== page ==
End 2014, 25% of the respondents wanted to leave; those wanting the EU’s powers to stay the same were at 15%; those wanting to reduce EU powers  were 38%. The UK public, it maybe said without risk of controversy, is for close cooperation with European neighbours, and is reluctantly willing to accept a minimalist supranational component. Overwhelmingly, though, the British public does not buy into Whitehall’s prospectus.

The ever closer union campaign.

In the EU,including in the UK,  the the supranationalists have campaigned relentlessly for “ever closer union”. In the UK, the Great and the Good clamoured for the UK to join the exchange rate mechanism in 1990, despite the devastating impact on the UK domestic economy, and in order to be able to participate in the negotiations on monetary union, leading to the Maastricht Treaty of 1992.

In the UK, the institutional bases of the Whitehall EU vision are variously: the BBC; the Financial Times; the Foreign and Commonwealth office; key members of the London financial markets, British or foreign; multinational corporations based in the UK in order to service the continental markets; the leaders of all political parties, whatever they may have said on their way to the top.

On the continent, the champion of “ever closer union” has been Germany, with support in other states. The German condition for agreeing to Maastricht was that a single currency had to be flanked by a single EU polity. In other words, that the EU had to gave supranational powers and take on a federal form. Germany did not get what it asked.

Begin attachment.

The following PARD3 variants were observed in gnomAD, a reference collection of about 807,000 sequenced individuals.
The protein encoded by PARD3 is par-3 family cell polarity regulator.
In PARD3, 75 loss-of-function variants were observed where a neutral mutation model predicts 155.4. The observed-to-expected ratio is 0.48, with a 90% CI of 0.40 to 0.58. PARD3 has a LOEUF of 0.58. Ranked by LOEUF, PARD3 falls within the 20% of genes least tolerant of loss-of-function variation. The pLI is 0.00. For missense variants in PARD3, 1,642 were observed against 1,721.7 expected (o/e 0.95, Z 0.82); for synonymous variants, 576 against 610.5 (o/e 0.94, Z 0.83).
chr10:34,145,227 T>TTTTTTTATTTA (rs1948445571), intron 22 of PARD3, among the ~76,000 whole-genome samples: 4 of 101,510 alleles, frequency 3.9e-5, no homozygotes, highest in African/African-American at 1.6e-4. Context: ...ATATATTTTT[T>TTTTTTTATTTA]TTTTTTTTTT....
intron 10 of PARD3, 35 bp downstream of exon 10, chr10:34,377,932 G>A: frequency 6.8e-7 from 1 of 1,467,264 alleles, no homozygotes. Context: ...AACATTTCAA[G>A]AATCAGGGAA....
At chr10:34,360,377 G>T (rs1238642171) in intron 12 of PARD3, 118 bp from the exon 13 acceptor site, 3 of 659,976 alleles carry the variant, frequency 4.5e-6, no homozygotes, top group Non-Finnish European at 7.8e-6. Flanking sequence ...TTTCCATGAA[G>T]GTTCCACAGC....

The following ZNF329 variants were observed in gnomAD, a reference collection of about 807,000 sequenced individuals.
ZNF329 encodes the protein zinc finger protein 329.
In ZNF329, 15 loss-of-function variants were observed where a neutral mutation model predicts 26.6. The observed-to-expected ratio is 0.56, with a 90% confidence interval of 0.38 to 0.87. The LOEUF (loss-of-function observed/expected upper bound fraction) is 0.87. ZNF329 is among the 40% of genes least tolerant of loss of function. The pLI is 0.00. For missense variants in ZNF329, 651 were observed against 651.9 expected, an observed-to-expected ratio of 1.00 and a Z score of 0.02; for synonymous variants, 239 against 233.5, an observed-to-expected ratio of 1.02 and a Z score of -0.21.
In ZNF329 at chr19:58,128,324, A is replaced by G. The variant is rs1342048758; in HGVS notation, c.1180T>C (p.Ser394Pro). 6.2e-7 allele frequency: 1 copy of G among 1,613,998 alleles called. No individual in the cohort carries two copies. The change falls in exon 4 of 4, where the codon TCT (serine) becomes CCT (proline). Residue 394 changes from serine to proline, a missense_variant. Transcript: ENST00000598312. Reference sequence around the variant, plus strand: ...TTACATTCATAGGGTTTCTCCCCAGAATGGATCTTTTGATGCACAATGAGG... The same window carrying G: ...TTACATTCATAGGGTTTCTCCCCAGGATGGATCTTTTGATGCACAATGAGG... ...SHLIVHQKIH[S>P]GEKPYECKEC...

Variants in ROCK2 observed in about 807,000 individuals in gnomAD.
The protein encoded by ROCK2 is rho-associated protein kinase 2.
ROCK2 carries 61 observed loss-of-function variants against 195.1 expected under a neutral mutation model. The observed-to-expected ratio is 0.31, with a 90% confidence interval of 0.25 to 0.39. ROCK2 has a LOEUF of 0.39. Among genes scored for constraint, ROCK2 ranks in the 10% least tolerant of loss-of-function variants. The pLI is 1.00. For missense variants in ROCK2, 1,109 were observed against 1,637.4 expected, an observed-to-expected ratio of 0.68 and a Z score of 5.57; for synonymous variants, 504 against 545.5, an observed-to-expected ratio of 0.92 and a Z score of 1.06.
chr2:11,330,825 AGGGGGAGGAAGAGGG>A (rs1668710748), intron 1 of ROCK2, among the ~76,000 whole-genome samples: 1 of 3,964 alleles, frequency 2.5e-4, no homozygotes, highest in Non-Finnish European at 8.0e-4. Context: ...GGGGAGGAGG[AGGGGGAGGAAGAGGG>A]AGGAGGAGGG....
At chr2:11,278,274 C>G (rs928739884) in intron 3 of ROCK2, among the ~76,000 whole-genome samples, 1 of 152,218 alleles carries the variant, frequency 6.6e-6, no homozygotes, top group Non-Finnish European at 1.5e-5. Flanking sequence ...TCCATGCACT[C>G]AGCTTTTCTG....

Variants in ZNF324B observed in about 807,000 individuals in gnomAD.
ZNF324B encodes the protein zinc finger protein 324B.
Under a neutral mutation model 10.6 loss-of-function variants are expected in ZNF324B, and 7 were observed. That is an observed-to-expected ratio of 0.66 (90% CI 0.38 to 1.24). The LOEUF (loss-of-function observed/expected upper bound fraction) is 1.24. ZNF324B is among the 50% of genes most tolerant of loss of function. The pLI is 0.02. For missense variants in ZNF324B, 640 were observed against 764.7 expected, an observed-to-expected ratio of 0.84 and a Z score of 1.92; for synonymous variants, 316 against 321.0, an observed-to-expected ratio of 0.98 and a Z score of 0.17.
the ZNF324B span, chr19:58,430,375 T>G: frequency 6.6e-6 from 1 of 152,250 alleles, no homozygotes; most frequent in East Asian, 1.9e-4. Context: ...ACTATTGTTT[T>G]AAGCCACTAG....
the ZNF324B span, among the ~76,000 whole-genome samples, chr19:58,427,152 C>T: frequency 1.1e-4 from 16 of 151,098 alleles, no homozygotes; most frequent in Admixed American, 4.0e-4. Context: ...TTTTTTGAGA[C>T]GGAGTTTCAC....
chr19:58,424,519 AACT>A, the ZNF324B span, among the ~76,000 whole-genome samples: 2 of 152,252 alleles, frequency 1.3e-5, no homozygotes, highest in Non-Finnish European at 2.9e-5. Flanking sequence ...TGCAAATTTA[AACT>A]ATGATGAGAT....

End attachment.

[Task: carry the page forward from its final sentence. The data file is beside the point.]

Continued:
A European Constitution was elaborated under the leadership of former President Giscard d’Estaing, in the European constitutional convention of 2002 to 2004. The Constitution proposed quite clearly that the Constitution and the judgements of the European Court of Justice would be the ultimate law of the EU, overriding national laws and parliaments.

The Constitution was ratified by the parliaments of 18 member states but voted down by the French and Dutch electorates in national referenda in 2005. On the implicit assumption that the majority of member states had voted in favour,  the advocates of “ever closer union” rejigged the constitution as the Lisbon Treaty, and the supremacy clause was smuggled into an annex. But the annex had to recognise that the juridical foundations for this claim could be found in no Treaty. The EU claims to supranational authority have mud feet.

The 1972 Act of Accession is the bedrock of ECJ claims to primacy in the EU.

So where is the foundation of the ECJ’s continued claim to primacy? The answer is in the 1972 Act of Accession of the UK to the EEC. Section 2.1. states categorically that the judgements of the ECJ have primacy over UK national courts. In short, the ECJ is the UK’s supreme court for matters relating to the EU, and these are forever expanding.

This is definitely not the case of the German Constitutional Court, which in its judgement on the Lisbon Treaty, states categorically that the EU is no more than an alliance of sovereign states and is in no way a constitution overriding the German Basic Law. The Court adds that were such a European constitution to be drawn up, Germany would have to call a German constitutional convention.